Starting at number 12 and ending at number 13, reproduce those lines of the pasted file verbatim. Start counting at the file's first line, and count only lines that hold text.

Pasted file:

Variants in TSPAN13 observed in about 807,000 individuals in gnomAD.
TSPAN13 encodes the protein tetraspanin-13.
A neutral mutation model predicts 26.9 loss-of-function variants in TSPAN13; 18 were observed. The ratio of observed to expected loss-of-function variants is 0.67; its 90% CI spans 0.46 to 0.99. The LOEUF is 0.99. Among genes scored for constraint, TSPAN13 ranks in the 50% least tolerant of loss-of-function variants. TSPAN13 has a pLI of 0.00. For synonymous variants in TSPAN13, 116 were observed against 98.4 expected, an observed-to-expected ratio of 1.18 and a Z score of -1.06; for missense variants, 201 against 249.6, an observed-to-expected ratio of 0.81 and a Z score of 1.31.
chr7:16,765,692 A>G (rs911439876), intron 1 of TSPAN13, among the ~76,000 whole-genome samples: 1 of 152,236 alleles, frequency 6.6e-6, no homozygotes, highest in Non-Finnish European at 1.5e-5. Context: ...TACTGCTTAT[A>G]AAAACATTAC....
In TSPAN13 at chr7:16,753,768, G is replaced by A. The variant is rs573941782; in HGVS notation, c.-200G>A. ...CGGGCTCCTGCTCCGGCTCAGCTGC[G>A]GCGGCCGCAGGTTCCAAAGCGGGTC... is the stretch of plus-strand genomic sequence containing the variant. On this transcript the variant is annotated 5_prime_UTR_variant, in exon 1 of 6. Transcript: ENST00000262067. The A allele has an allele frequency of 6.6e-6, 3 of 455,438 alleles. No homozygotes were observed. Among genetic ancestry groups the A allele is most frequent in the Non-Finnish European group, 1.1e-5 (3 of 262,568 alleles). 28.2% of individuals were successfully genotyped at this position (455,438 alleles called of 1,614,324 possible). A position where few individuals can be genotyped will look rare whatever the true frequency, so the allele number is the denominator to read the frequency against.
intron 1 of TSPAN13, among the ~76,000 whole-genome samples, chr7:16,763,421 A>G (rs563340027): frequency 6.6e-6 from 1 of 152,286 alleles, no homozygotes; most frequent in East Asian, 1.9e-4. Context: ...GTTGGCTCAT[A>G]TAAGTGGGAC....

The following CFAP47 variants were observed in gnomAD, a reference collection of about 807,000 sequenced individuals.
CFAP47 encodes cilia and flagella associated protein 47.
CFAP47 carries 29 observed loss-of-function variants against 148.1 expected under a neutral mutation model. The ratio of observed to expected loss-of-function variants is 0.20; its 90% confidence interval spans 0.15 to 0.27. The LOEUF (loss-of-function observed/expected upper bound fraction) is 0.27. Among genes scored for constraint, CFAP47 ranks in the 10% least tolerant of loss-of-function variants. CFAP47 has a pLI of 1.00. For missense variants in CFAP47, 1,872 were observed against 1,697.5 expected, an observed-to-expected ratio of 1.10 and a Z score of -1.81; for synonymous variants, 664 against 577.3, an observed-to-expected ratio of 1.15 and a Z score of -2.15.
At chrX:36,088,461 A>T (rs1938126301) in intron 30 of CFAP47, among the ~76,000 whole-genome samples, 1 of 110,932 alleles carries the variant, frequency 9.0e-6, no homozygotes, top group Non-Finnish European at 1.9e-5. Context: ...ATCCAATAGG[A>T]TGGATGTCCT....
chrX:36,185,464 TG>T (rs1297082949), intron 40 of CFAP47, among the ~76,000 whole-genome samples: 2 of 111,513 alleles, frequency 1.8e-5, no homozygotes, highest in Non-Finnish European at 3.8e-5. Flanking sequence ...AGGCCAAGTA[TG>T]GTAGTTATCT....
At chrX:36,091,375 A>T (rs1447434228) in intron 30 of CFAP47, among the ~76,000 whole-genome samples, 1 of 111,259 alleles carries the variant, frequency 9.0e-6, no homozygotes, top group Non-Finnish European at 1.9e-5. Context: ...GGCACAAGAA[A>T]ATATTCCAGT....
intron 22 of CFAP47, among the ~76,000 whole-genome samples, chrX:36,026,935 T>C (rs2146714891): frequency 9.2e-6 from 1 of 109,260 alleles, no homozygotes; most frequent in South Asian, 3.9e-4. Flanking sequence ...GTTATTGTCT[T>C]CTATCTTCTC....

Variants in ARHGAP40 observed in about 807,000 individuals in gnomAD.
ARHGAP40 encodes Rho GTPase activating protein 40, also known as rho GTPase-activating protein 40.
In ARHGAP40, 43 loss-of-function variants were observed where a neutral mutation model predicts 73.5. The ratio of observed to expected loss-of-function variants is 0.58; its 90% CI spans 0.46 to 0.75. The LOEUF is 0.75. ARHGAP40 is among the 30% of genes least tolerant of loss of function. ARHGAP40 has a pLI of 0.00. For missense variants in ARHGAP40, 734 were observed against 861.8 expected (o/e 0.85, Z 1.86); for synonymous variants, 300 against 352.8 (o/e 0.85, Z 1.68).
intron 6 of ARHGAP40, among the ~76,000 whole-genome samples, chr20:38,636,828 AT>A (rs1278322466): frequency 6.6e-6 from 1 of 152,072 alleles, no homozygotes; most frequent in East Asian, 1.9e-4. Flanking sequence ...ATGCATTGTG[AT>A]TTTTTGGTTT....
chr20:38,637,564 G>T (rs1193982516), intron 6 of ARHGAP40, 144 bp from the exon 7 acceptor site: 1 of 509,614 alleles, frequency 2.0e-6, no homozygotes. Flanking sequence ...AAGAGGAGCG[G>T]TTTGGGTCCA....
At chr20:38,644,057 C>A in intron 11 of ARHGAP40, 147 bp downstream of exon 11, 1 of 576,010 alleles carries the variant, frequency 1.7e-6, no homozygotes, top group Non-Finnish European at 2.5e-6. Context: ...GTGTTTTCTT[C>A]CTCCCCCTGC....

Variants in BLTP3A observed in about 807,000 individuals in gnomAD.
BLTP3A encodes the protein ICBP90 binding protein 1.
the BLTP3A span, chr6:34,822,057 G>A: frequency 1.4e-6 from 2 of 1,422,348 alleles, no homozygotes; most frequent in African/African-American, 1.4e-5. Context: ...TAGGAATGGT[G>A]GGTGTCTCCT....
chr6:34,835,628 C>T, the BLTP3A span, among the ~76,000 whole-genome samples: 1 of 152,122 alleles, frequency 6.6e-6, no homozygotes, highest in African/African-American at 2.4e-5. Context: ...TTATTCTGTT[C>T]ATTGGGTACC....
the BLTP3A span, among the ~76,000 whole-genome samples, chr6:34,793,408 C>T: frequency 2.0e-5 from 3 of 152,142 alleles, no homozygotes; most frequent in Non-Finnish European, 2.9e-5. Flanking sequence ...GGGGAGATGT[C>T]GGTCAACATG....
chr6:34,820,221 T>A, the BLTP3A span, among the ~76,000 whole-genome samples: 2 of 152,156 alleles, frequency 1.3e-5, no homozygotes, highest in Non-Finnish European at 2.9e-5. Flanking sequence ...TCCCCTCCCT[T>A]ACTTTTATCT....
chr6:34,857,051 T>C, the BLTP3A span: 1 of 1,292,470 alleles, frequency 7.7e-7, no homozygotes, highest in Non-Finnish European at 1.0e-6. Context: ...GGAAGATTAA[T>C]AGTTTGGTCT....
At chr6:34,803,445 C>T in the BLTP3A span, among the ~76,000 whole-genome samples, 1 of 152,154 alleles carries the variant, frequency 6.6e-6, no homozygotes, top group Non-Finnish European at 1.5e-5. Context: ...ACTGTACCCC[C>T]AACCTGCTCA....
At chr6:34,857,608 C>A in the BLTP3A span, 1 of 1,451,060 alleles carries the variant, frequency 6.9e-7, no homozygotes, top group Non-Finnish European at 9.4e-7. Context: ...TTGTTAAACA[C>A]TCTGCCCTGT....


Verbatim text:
At chrX:36,091,375 A>T (rs1447434228) in intron 30 of CFAP47, among the ~76,000 whole-genome samples, 1 of 111,259 alleles carries the variant, frequency 9.0e-6, no homozygotes, top group Non-Finnish European at 1.9e-5. Context: ...GGCACAAGAA[A>T]ATATTCCAGT....
intron 22 of CFAP47, among the ~76,000 whole-genome samples, chrX:36,026,935 T>C (rs2146714891): frequency 9.2e-6 from 1 of 109,260 alleles, no homozygotes; most frequent in South Asian, 3.9e-4. Flanking sequence ...GTTATTGTCT[T>C]CTATCTTCTC....